Sam Gilliam (born 1933) is an African-American artist known for his illustrious draped paintings that line the ceilings and walls of galleries around the world. His works simultaneously drew upon and contested the ethos of the Washington Color School movement, translating two dimensional abstract expressionist painting to a sculptural plane. His process of taping, folding and creasing unstretched canvases and then pouring the pigments created luminous veils of color that could be draped and rearranged a multitude of ways. His first solo exhibition in Europe titled “The Music of Color” at the Kunstmuseum Basel showcases his most radical work that expands the defining principles of Post-War American art. Gilliam draws inspiration from the improvisatory nature of jazz to create work that is expressive in color and dynamic in 

form. 

 

Gilliam grew up in Louisville, Kentucky, where he attended the University of Louisville, earning a master’s degree in 1961. He taught for four years before moving to Washington D.C., where he currently lives and works, creating monumental sculptures as well as two-dimensional prints. In D.C. he became associated with the Capital’s influential school of color field painting, and is internationally recognized as the foremost contemporary African American color field painter. On being a teacher and a painter, he says, "I am a better artist today in that I am obviously a better teacher. Whether I am teaching or making art, the process is fundamentally the same: I am creating."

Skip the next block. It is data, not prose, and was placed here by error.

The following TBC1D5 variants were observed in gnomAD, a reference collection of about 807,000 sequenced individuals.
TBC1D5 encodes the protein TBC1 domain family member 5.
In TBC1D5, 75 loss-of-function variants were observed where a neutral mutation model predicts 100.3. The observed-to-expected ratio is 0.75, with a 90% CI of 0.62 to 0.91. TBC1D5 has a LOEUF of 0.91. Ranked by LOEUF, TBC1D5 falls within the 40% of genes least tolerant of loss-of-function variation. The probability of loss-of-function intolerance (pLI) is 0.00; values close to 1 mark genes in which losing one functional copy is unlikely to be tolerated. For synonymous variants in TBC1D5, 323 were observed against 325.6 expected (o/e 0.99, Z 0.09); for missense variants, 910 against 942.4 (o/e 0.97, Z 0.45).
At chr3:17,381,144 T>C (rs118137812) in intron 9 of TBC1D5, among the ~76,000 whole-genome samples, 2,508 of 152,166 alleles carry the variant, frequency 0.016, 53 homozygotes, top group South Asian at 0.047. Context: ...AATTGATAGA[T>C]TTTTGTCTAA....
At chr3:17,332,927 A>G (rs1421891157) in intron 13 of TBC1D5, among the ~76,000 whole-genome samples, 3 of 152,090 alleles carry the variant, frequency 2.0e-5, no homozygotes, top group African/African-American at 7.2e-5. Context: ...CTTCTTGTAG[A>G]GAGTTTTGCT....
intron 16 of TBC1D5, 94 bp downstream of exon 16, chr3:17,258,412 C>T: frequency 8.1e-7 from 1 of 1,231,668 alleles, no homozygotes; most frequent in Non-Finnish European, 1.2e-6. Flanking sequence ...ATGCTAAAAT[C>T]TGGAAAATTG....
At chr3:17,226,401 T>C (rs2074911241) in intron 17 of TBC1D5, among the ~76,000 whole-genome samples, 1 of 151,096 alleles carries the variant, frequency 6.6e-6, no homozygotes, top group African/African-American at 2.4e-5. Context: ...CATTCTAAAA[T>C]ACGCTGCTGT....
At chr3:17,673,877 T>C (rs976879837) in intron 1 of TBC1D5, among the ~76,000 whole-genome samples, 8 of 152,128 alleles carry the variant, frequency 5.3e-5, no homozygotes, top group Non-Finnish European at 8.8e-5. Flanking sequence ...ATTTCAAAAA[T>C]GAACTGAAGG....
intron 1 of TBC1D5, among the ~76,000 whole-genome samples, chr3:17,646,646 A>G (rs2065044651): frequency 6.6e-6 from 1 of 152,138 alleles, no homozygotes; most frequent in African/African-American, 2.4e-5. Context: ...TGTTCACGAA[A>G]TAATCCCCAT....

Related Works

  • Like Sam Gilliam, abstract painters Helen Frankenthaler and Sam Francis used innovative techniques and aesthetics to disrupt the reigning paradigms of the Abstract Expressionist movement.
  • Sam Gilliam transforms spaces by suspending and draping canvases. Ghanaian artist El Anatsui takes a similar approach to installing his large-scale tapestries made from salvaged metals and wire. View his work.